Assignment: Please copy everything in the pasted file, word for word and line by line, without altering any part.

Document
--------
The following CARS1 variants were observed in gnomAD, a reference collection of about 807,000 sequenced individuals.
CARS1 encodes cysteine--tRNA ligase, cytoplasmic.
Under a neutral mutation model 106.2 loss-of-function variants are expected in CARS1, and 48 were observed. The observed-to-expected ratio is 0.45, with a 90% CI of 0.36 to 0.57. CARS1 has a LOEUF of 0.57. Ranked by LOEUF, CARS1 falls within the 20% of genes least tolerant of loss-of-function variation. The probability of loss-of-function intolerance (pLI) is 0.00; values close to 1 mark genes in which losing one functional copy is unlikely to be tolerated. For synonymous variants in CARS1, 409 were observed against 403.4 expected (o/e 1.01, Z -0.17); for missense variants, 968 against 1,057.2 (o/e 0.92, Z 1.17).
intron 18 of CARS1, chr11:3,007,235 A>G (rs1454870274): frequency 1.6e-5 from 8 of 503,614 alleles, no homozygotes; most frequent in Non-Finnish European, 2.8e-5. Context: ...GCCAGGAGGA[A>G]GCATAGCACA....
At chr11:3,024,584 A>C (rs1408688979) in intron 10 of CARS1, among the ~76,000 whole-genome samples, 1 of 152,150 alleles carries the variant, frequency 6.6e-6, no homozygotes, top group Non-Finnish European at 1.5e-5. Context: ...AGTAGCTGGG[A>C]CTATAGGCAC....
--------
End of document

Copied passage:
The following CARS1 variants were observed in gnomAD, a reference collection of about 807,000 sequenced individuals.
CARS1 encodes cysteine--tRNA ligase, cytoplasmic.
Under a neutral mutation model 106.2 loss-of-function variants are expected in CARS1, and 48 were observed. The observed-to-expected ratio is 0.45, with a 90% CI of 0.36 to 0.57. CARS1 has a LOEUF of 0.57. Ranked by LOEUF, CARS1 falls within the 20% of genes least tolerant of loss-of-function variation. The probability of loss-of-function intolerance (pLI) is 0.00; values close to 1 mark genes in which losing one functional copy is unlikely to be tolerated. For synonymous variants in CARS1, 409 were observed against 403.4 expected (o/e 1.01, Z -0.17); for missense variants, 968 against 1,057.2 (o/e 0.92, Z 1.17).
intron 18 of CARS1, chr11:3,007,235 A>G (rs1454870274): frequency 1.6e-5 from 8 of 503,614 alleles, no homozygotes; most frequent in Non-Finnish European, 2.8e-5. Context: ...GCCAGGAGGA[A>G]GCATAGCACA....
At chr11:3,024,584 A>C (rs1408688979) in intron 10 of CARS1, among the ~76,000 whole-genome samples, 1 of 152,150 alleles carries the variant, frequency 6.6e-6, no homozygotes, top group Non-Finnish European at 1.5e-5. Context: ...AGTAGCTGGG[A>C]CTATAGGCAC....